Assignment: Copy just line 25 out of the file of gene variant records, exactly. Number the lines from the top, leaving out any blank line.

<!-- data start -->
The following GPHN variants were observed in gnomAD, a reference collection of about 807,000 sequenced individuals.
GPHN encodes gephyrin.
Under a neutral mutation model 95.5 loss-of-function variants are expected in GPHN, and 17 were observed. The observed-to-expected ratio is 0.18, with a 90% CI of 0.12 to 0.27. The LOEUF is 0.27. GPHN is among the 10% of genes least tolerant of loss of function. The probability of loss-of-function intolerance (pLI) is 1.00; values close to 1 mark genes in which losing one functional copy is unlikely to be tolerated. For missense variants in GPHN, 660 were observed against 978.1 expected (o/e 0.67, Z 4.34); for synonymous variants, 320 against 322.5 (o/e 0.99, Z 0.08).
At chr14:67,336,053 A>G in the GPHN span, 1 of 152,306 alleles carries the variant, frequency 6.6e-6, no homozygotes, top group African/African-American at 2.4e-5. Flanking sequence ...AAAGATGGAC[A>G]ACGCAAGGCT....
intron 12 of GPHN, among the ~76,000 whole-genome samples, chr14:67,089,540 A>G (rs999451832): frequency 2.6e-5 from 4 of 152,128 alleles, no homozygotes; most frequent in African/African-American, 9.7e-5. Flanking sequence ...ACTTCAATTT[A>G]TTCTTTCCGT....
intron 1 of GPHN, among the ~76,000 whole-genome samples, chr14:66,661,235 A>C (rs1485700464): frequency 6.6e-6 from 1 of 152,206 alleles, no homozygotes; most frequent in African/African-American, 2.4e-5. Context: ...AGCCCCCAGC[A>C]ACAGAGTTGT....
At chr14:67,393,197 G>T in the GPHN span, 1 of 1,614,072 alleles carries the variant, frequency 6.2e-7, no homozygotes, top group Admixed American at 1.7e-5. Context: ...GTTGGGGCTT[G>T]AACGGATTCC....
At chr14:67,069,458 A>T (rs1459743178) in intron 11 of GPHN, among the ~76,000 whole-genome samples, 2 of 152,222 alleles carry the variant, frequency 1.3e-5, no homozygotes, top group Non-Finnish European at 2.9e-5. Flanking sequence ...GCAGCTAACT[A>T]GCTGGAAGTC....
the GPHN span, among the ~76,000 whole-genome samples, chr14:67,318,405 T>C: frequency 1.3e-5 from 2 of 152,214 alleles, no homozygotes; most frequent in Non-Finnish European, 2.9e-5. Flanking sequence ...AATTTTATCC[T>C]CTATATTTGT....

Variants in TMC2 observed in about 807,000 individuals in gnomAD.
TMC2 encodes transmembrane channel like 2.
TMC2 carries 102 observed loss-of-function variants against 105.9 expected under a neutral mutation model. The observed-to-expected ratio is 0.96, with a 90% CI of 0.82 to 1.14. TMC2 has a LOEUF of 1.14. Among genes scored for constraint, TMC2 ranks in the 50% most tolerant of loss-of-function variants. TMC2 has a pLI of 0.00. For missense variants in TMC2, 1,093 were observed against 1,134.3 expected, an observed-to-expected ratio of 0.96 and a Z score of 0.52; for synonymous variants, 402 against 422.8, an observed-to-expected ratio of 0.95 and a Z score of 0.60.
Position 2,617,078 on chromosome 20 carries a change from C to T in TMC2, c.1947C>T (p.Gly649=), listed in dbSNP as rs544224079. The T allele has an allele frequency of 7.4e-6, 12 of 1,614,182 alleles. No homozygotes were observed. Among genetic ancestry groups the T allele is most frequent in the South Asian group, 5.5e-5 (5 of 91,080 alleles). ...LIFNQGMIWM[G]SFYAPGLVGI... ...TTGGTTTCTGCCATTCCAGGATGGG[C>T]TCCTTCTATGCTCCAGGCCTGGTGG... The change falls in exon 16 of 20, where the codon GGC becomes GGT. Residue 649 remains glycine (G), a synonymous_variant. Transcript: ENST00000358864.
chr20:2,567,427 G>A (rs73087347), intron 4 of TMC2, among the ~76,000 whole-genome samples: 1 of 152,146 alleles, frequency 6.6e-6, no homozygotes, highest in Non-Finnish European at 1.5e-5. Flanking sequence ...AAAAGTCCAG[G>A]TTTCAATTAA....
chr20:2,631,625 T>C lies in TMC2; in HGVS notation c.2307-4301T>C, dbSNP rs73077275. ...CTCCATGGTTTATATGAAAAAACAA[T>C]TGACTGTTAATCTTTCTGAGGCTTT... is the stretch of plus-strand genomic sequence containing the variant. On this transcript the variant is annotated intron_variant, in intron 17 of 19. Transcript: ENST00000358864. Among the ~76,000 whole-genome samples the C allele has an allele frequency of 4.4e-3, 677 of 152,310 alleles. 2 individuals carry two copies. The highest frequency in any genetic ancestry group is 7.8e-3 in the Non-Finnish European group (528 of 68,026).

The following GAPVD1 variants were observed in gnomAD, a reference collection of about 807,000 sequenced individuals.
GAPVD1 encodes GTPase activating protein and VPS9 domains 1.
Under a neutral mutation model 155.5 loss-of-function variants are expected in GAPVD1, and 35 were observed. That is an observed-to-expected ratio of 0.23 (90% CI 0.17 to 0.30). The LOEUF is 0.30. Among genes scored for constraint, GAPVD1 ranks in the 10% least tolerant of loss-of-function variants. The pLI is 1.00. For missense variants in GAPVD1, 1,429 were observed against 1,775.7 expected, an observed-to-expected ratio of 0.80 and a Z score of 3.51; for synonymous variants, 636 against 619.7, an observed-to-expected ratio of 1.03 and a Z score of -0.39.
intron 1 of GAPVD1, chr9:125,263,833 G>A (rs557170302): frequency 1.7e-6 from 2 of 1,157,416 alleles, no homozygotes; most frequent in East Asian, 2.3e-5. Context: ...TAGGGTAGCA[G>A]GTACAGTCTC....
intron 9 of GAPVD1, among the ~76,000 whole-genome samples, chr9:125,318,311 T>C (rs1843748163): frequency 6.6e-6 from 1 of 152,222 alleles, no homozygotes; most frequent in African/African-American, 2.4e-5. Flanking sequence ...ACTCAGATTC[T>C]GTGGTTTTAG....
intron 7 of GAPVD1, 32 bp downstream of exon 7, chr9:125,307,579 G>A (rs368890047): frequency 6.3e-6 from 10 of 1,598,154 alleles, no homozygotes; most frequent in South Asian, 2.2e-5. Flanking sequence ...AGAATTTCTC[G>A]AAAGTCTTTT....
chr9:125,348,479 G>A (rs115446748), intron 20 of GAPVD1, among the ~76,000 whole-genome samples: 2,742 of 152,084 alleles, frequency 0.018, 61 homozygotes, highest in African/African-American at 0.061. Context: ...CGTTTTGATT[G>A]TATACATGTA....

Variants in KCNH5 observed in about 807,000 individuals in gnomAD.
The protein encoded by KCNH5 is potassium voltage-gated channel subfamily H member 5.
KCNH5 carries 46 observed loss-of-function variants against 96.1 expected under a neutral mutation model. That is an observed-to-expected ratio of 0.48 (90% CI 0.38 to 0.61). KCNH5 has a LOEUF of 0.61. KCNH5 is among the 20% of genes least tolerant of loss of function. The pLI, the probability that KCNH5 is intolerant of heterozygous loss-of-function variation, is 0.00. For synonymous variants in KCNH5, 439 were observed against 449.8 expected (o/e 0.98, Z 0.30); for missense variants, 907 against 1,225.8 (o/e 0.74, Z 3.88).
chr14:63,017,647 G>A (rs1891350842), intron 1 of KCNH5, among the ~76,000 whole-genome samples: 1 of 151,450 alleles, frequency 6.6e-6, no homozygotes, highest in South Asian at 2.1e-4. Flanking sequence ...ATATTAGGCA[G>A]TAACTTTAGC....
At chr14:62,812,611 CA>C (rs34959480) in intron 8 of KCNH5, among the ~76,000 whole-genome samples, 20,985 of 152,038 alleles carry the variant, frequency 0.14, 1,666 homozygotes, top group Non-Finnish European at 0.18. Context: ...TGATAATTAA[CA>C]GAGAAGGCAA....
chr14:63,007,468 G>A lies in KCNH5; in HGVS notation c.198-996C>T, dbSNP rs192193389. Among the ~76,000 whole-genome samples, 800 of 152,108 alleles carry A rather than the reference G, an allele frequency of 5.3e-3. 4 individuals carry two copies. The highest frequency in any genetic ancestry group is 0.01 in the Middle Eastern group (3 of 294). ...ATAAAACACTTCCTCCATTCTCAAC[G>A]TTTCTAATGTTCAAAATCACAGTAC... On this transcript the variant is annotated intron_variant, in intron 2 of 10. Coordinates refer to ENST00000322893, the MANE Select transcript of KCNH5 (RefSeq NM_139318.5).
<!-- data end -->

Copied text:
KCNH5 carries 46 observed loss-of-function variants against 96.1 expected under a neutral mutation model. That is an observed-to-expected ratio of 0.48 (90% CI 0.38 to 0.61). KCNH5 has a LOEUF of 0.61. KCNH5 is among the 20% of genes least tolerant of loss of function. The pLI, the probability that KCNH5 is intolerant of heterozygous loss-of-function variation, is 0.00. For synonymous variants in KCNH5, 439 were observed against 449.8 expected (o/e 0.98, Z 0.30); for missense variants, 907 against 1,225.8 (o/e 0.74, Z 3.88).